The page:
Merlin lay gasping in the middle of the dirt road, waiting for the agony to subside, and then heard the driver scream. A second later, there was an echoing explosion of shattering wood as the carriage collided with some obstruction, and the Blackhand was silenced. Merlin thought that he'd been killed, but when he looked up, he saw the man get to his feet several metres away from the crash site where he'd jumped. Limping, but alive. He climbed the ruined waggon, the front of which was completely smashed against a rock bluff at the turn of the road. He rooted around for a few moments before emerging with the cynical silver figurine of the animal cradled in his arms. With a final glance at Merlin, he grinned wolfishly and dashed away into the trees, swiftly vanishing from sight and sound.
Merlin's head pounded, but he forced himself to stand, though he swayed like a sapling in a stiff breeze. He strained his ears, but he could not hear the skirmish his companions were warring in. He did hear, however, the low scratching sounds, like nails on wood floor, coming from the crashed waggon.
Instinct told him to stay away. Instinct told him to wait for Arthur and the others to come. He ignored instinct.
As he cautiously closed half the distance between himself and the waggon, a rear wheel of which was suspended and still turning slowly, the scratching was accompanied by a low purr of growls, rhythmic, like slow panting. The whole rear of the carriage was a pair of doors, which had buckled slightly in the crash. Merlin stepped up to the doors, his nostrils bombarded by a thick, musky scent of wild animal fur. His heart throbbed until his chest hurt, yet he proceeded still.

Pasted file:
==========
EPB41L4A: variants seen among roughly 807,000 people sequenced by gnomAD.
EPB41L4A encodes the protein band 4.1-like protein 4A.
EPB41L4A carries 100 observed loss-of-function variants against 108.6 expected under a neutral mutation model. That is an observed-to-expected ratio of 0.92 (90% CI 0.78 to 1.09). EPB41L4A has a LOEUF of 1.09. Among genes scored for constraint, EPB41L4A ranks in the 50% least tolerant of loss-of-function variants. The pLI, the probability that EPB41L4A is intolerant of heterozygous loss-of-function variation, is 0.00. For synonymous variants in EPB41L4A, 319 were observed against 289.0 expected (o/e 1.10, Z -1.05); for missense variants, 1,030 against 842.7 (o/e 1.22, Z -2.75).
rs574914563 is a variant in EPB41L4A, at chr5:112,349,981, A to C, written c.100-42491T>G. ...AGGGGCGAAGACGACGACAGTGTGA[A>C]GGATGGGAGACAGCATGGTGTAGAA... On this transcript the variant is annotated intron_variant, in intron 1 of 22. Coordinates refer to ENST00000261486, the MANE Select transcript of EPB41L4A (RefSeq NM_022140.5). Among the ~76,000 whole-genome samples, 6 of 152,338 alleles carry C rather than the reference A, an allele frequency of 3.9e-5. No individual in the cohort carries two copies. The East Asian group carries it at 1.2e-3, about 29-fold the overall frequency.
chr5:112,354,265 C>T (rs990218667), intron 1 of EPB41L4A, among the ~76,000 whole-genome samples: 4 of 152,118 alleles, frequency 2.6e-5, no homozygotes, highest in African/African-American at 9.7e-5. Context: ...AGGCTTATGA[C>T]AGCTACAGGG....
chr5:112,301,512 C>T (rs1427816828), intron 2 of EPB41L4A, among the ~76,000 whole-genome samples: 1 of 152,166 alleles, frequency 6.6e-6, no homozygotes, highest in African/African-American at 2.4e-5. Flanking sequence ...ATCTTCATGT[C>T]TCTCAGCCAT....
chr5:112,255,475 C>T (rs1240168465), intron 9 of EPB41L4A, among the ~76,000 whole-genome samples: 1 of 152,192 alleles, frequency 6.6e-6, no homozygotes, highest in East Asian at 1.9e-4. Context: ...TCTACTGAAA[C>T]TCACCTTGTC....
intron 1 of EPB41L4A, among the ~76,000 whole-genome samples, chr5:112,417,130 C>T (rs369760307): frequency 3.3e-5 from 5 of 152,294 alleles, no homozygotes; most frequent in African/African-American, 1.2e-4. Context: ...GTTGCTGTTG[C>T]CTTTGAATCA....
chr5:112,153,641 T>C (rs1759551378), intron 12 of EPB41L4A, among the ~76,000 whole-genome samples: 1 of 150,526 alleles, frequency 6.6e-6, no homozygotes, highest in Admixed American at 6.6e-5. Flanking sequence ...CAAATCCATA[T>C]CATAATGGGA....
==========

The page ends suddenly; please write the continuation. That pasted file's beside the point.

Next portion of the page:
The rumbling thunder of approaching horses stayed his reaching hand for a moment, but then Merlin grasped the handle of a door and pulled it open a slit.
Arthur's bellow split the air.
With a barbaric roar to put a bear to shame, the doors burst open as though a dragon had kicked them, throwing Merlin back several paces. Not a heartbeat later, a huge, hairy, snarling beast collided with him and knocked him over, pinning him against the earth. It crushed his chest beneath its colossal weight, and its fanged maw opened to blast his face with moist breath, rancid, like rotten meat. Hot, sticky saliva spattered all over him, and then the grey-haired monster was gone before Merlin could get a proper look.
Winded and left staring at the sky, Merlin curled into a ball on his side as he struggled to breathe, vaguely hearing the horrified screams of horses and men and the roars of the fiendish beast. Metal clashed, blood spilled, pain raked the air...and then it was over.
Words of alarm and panic drifted towards the fallen warlock, just within range.
"Sire? Sire, are you all right?"
"Are you hurt, my lord?"
"Saints alive! Arthur!"
"I'm all right, I'm all right! Stop mollycoddling me!"
Merlin's throat had closed at the worried voices of the men, but then a smile split his face when he heard the king speak. It did not reassure him, however, when he said that he was fine, because fine could be anything from a splinter in the thumb to an arrow in the knee, or worse.